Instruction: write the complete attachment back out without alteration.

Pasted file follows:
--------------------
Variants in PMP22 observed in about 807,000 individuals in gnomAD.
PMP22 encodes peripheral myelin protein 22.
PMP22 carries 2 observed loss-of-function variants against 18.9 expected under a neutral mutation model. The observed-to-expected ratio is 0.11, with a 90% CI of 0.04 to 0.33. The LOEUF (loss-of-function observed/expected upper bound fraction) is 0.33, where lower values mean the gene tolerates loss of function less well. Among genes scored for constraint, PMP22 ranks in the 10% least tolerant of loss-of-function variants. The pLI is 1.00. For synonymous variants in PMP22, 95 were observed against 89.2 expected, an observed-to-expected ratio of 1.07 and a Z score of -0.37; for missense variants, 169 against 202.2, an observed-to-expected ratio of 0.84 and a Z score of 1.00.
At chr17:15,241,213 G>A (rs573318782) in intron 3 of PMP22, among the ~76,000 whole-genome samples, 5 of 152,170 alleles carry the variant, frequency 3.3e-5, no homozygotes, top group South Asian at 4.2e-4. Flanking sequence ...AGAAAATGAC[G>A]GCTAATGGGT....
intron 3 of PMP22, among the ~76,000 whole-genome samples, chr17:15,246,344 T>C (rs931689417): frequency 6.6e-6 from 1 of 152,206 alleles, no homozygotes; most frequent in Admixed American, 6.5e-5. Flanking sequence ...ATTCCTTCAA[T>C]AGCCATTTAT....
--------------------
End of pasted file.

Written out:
Variants in PMP22 observed in about 807,000 individuals in gnomAD.
PMP22 encodes peripheral myelin protein 22.
PMP22 carries 2 observed loss-of-function variants against 18.9 expected under a neutral mutation model. The observed-to-expected ratio is 0.11, with a 90% CI of 0.04 to 0.33. The LOEUF (loss-of-function observed/expected upper bound fraction) is 0.33, where lower values mean the gene tolerates loss of function less well. Among genes scored for constraint, PMP22 ranks in the 10% least tolerant of loss-of-function variants. The pLI is 1.00. For synonymous variants in PMP22, 95 were observed against 89.2 expected, an observed-to-expected ratio of 1.07 and a Z score of -0.37; for missense variants, 169 against 202.2, an observed-to-expected ratio of 0.84 and a Z score of 1.00.
At chr17:15,241,213 G>A (rs573318782) in intron 3 of PMP22, among the ~76,000 whole-genome samples, 5 of 152,170 alleles carry the variant, frequency 3.3e-5, no homozygotes, top group South Asian at 4.2e-4. Flanking sequence ...AGAAAATGAC[G>A]GCTAATGGGT....
intron 3 of PMP22, among the ~76,000 whole-genome samples, chr17:15,246,344 T>C (rs931689417): frequency 6.6e-6 from 1 of 152,206 alleles, no homozygotes; most frequent in Admixed American, 6.5e-5. Flanking sequence ...ATTCCTTCAA[T>C]AGCCATTTAT....